Tags

, , , , , ,

This screen grab on July 12, 2016 shows a militant firing a US-made TOW missile toward Syrian soldiers positioned on Aleppo's city hall’s rooftop, which is located in a government-held neighborhood. (Photo by AFP)
This screen grab on July 12, 2016 shows a militant firing a US-made TOW missile toward Syrian soldiers positioned on Aleppo’s city hall’s rooftop, which is located in a government-held neighbourhood. (Photo by AFP)

Militants in Syria say they are about to receive new types of heavy weapons from their foreign supporters as the Damascus government continues with a major offensive in the northern city of Aleppo.

Colonel Fares al-Bayoush, head of the Northern Division of the so-called Free Syrian Army (FSA) militant group, said Saturday that he expected the delivery of more “heavy weapons, such as rocket launchers and artillery” from their foreign sponsors, Reuters reported.

He, however, said it was not clear whether their supporters would agree to their long-held demand for anti-aircraft missiles.

There are “indications and promises” of more weapons, the militant leader said, but claimed that any increase in arms support for them would be “slight.”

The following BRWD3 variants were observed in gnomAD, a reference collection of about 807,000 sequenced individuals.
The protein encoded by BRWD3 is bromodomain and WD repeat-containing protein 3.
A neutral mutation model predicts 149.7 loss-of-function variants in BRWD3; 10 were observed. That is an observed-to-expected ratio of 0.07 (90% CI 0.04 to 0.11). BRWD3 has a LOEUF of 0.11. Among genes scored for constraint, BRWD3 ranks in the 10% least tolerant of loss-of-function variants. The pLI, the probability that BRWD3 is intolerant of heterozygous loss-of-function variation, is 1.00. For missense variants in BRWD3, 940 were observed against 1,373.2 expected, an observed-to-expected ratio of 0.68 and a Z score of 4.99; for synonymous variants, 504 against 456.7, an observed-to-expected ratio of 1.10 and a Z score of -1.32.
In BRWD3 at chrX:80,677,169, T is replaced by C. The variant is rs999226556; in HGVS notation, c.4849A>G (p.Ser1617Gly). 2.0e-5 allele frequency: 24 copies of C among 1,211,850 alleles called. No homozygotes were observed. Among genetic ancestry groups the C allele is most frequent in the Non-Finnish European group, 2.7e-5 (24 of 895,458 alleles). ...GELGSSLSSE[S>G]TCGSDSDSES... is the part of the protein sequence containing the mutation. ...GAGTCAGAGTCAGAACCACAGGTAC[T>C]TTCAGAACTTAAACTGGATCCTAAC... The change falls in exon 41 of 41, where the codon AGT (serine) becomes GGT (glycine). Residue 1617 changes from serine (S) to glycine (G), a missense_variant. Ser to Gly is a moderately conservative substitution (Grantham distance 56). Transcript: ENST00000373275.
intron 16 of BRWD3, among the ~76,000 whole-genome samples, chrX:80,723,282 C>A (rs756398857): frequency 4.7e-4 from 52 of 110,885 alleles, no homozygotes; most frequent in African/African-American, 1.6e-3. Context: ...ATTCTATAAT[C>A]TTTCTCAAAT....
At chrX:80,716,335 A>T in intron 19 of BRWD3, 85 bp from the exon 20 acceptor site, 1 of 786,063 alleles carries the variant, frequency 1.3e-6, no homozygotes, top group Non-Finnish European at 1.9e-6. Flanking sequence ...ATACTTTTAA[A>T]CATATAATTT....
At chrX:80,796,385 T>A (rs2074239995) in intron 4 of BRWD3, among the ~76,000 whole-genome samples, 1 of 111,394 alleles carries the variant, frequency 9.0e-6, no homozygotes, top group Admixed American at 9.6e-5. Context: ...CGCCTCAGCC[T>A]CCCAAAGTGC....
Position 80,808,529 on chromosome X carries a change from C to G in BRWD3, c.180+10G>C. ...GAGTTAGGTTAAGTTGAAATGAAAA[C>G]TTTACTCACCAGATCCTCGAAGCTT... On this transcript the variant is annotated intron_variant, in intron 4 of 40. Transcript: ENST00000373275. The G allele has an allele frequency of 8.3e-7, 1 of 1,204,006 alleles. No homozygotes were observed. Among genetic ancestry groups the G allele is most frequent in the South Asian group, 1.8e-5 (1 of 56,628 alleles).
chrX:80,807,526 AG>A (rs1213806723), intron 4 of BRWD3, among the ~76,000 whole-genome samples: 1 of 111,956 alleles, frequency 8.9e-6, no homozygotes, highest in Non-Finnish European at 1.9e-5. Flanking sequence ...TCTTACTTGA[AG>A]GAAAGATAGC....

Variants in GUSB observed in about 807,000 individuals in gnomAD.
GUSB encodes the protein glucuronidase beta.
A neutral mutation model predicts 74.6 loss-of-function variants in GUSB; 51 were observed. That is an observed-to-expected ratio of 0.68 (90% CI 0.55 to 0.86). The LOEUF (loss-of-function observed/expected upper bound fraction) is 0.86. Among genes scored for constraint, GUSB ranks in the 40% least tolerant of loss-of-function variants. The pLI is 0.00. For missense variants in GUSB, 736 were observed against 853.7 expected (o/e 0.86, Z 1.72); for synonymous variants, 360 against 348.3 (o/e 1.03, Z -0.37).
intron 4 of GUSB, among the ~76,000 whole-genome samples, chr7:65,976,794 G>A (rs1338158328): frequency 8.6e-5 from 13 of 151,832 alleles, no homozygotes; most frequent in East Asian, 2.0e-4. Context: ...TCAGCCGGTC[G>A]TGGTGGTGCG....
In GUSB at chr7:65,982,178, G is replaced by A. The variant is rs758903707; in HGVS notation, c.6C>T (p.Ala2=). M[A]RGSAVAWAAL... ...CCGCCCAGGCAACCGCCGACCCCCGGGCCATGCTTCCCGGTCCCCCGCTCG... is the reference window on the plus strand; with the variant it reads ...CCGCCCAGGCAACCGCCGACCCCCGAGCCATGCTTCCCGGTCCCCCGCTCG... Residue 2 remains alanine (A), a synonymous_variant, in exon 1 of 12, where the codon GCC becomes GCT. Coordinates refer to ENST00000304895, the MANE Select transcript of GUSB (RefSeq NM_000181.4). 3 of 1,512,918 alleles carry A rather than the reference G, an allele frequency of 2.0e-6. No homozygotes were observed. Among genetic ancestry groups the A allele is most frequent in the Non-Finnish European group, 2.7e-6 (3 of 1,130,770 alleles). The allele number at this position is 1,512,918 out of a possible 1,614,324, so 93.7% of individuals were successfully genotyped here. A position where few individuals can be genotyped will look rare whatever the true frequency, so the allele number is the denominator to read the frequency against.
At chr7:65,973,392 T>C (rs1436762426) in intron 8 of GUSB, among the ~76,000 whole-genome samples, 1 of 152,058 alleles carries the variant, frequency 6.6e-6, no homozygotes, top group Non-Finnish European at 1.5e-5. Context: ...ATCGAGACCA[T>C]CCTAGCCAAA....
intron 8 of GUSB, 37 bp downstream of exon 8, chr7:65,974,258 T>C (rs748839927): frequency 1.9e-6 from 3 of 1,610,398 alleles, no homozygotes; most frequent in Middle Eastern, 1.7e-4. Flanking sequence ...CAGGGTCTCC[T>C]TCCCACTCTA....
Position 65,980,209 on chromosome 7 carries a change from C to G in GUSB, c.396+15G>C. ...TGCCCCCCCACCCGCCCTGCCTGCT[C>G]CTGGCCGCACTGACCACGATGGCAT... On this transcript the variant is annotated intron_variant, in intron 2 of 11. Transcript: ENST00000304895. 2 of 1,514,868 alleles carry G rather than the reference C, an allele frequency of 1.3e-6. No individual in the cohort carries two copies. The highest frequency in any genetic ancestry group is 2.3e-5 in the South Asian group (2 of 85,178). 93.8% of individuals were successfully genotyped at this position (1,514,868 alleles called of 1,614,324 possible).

The United States, along with Saudi Arabia and Turkey, has been channeling military support to militants fighting under the banner of the FSA for several years.

The support for the militants described by Washington as “moderate” includes training by the Central Intelligence Agency and anti-tank missiles.

This comes as the Syrian army has been advancing further in militant-held areas, recapturing more regions.

On Saturday, Syrian soldiers seized back the control of a refugee camp north of Aleppo from militants.

Sources belonging to both the Syrian military and the militants confirmed the recapture of Handarat camp.

On September 19, the Syrian army announced an end to a week-long ceasefire in the Arab country, when US-led coalition jets attacked a Syrian army base and an aid convoy was hit near the northwestern Syrian city of Aleppo.

The deal, which began on September 12 and was initially agreed to last seven days, called for increased humanitarian aid for those trapped inside Aleppo. The truce was brokered by Russia and the US.

Syria has been gripped by foreign-backed militancy since March 2011.

Over the past few months, the Takfiri militants active in the Arab country have suffered major setbacks as the Syrian army has managed to liberate several areas.

source